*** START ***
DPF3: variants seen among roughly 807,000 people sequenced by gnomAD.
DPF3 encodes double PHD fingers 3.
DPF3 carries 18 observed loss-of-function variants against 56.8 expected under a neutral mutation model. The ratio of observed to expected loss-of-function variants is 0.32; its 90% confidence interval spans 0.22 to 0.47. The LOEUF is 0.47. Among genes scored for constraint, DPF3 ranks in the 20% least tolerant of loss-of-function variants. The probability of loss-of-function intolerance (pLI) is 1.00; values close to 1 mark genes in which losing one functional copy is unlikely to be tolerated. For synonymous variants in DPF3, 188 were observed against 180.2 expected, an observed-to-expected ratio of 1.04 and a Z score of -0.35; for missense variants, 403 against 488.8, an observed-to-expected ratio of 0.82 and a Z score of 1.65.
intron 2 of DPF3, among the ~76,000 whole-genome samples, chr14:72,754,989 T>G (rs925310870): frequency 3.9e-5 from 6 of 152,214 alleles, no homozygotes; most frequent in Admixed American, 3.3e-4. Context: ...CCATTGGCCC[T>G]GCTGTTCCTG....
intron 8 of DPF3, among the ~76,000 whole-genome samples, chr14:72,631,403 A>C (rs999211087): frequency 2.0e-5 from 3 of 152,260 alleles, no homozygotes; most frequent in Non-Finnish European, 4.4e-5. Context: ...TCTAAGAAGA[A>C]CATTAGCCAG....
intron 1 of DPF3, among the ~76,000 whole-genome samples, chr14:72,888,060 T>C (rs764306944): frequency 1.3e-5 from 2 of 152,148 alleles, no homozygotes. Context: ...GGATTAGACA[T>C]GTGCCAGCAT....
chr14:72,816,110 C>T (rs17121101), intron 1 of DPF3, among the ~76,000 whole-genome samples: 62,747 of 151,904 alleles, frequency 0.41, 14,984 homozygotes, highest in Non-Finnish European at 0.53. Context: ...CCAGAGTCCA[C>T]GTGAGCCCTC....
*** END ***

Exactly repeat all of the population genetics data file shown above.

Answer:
DPF3: variants seen among roughly 807,000 people sequenced by gnomAD.
DPF3 encodes double PHD fingers 3.
DPF3 carries 18 observed loss-of-function variants against 56.8 expected under a neutral mutation model. The ratio of observed to expected loss-of-function variants is 0.32; its 90% confidence interval spans 0.22 to 0.47. The LOEUF is 0.47. Among genes scored for constraint, DPF3 ranks in the 20% least tolerant of loss-of-function variants. The probability of loss-of-function intolerance (pLI) is 1.00; values close to 1 mark genes in which losing one functional copy is unlikely to be tolerated. For synonymous variants in DPF3, 188 were observed against 180.2 expected, an observed-to-expected ratio of 1.04 and a Z score of -0.35; for missense variants, 403 against 488.8, an observed-to-expected ratio of 0.82 and a Z score of 1.65.
intron 2 of DPF3, among the ~76,000 whole-genome samples, chr14:72,754,989 T>G (rs925310870): frequency 3.9e-5 from 6 of 152,214 alleles, no homozygotes; most frequent in Admixed American, 3.3e-4. Context: ...CCATTGGCCC[T>G]GCTGTTCCTG....
intron 8 of DPF3, among the ~76,000 whole-genome samples, chr14:72,631,403 A>C (rs999211087): frequency 2.0e-5 from 3 of 152,260 alleles, no homozygotes; most frequent in Non-Finnish European, 4.4e-5. Context: ...TCTAAGAAGA[A>C]CATTAGCCAG....
intron 1 of DPF3, among the ~76,000 whole-genome samples, chr14:72,888,060 T>C (rs764306944): frequency 1.3e-5 from 2 of 152,148 alleles, no homozygotes. Context: ...GGATTAGACA[T>C]GTGCCAGCAT....
chr14:72,816,110 C>T (rs17121101), intron 1 of DPF3, among the ~76,000 whole-genome samples: 62,747 of 151,904 alleles, frequency 0.41, 14,984 homozygotes, highest in Non-Finnish European at 0.53. Context: ...CCAGAGTCCA[C>T]GTGAGCCCTC....